Sustaining and Expanding Services

The federal government provides financial support to programs and services that support survivors of sexual violence. Each year, RAINN works closely with allied stakeholders, Members of Congress, administration officials, and others to secure and expand funding for these critical programs and services. 

The need: local support services for survivors

More than 1,000 sexual assault service providers provide critical support to people affected by sexual violence throughout the country. These local providers require a consistent and specialized funding stream in order meet an increasing demand for local recovery and support services. The Sexual Assault Services Program (SASP) ensures centers have the resources they need to do their critical work.


  • The response: reauthorization of the Violence Against Women Act
    In response to this call for funding, the 109th Congress passed legislation in December 2005 to reauthorize the Violence Against Women Act and create a new federal funding stream dedicated entirely to the provision of direct services for victims of sexual violence. The new SASP in the Services and Outreach Title of VAWA 2005 will also provide resources for state sexual assault coalitions that assist sexual assault service providers.

The need: prevention, education, and safety programs on college campuses

Each year, U.S. colleges receive federal funding to improve services for survivors of sexual violence and implement important prevention and education programs on campus. Colleges have to meet certain requirements about disclosing crimes of sexual violence and provide critical resources to survivors in order to be eligible for this type of funding. These requirements are outlined in key federal laws, such as the Clery Act, Campus SaVE, Title IX, and VAWA.


  • The response: collaboration with lawmakers to renew funding streams
    Each year, RAINN works with lawmakers to ensure these funding streams are renewed, and in some cases expanded. These funds are critical to continued success of programs in place today and the expansion of programs and services in the future.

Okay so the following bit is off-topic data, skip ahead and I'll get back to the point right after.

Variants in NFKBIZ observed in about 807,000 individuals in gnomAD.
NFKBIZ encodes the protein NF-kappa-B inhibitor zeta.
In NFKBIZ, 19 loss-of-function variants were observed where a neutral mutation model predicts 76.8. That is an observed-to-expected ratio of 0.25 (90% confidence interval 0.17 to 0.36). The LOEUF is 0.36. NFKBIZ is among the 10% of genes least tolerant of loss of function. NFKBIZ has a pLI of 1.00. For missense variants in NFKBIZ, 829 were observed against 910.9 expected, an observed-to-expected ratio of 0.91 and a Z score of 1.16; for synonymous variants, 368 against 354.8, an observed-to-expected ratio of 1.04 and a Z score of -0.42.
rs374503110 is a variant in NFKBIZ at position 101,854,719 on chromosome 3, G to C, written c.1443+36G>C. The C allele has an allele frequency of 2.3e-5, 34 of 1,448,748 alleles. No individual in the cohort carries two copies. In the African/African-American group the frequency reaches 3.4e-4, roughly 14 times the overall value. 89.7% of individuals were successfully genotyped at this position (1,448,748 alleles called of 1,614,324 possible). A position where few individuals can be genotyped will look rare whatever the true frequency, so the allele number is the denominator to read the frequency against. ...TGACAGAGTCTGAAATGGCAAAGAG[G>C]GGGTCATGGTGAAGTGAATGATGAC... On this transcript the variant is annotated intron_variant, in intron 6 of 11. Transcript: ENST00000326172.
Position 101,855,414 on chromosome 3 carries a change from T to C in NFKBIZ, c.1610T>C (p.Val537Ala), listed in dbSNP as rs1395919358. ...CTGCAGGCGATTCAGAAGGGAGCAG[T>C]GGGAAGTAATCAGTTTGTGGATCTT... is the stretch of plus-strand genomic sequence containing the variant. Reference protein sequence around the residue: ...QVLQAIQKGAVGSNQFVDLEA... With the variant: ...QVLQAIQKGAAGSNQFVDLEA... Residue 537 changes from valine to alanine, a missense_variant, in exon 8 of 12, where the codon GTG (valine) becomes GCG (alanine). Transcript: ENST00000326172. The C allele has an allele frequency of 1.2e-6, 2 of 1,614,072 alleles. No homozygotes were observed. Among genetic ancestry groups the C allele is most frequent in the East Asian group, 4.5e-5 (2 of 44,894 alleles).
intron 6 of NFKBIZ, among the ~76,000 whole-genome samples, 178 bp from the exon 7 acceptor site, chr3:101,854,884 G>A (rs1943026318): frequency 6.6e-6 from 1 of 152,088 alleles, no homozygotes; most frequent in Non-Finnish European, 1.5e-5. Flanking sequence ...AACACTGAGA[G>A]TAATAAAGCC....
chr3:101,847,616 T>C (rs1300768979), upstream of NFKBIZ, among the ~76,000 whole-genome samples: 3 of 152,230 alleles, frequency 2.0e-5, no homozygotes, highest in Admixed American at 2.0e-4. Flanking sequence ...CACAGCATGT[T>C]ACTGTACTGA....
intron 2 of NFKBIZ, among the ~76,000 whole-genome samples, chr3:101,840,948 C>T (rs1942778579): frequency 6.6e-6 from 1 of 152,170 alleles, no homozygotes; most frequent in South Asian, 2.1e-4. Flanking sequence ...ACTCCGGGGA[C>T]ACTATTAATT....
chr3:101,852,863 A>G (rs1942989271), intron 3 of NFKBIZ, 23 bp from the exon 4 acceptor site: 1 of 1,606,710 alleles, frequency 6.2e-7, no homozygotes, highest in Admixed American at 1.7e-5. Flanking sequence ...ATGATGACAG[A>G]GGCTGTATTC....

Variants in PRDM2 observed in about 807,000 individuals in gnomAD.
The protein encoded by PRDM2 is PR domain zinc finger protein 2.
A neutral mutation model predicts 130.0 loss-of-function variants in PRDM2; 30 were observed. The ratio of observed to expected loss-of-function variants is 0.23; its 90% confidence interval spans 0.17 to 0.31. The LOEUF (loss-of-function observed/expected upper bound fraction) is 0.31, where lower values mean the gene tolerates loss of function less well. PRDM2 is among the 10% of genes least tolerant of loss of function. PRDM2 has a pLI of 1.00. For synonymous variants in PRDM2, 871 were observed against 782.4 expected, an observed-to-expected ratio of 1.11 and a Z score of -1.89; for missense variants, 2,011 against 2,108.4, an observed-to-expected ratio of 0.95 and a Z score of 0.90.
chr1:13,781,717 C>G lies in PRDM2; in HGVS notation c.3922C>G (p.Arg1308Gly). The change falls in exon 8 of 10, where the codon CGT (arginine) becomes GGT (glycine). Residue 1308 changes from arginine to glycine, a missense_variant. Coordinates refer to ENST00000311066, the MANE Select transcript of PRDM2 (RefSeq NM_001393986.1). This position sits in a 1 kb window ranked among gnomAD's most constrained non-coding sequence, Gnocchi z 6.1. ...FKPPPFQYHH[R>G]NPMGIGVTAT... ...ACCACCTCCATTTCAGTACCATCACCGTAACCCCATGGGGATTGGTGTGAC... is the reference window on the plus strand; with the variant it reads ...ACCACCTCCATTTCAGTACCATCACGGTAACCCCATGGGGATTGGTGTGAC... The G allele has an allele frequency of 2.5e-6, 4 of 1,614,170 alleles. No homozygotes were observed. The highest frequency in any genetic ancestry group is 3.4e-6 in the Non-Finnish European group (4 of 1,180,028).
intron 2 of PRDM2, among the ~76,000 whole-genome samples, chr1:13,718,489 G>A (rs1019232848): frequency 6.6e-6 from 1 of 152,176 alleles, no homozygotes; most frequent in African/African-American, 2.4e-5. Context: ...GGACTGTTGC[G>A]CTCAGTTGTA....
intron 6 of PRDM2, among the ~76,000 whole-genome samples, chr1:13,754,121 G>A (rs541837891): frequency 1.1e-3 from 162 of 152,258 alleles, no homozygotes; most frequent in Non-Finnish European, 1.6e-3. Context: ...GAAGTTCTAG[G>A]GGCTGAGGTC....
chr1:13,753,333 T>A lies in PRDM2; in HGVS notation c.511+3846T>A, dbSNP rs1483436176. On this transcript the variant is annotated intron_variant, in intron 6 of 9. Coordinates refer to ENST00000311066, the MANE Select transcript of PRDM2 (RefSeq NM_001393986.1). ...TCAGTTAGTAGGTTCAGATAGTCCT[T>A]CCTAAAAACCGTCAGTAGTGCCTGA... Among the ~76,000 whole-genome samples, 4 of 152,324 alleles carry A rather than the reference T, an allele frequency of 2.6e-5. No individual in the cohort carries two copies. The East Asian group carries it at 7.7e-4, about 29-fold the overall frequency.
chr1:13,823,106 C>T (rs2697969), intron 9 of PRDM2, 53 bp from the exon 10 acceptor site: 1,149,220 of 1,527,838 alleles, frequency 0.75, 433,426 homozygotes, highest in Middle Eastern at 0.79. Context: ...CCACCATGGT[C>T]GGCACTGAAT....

The need: continuous improvement and high standards for victim services programs

Vision 21 is a an initiative of the Department of Justice’s Office on Victims of Crime (OVC). Following more than a year of extensive research and discussions with leaders in the field—including RAINN—OVC produced a report outlining the current state victim services programs and included concrete suggestions for improvements. Vision 21: Transforming Victim Services Final Report highlights the National Sexual Assault Hotline as a model national program and provides a roadmap for ensuring that innovative victim services programs are developed, executed, and funded.


  • The response: Vision 21 grants continue to improve services for survivors
    Vision 21 grants support the process of auditing victim services programs and identifying ways to improve them, including technological innovation. Grants also help fund direct improvements to services. For example, in 2015 RAINN was able to expand services on the National Sexual Assault Online Hotline to include free, 24/7, confidential support for Spanish-language survivors and their loved ones, thanks to support from an OVC Vision 21 grant.

How you can help

You can play an important role in of the conversation about sexual violence in America. Visit RAINN’s Action Center to #ActWithRAINN. Tweet your Congressman, write them an email, and show your support for these crucial programs.


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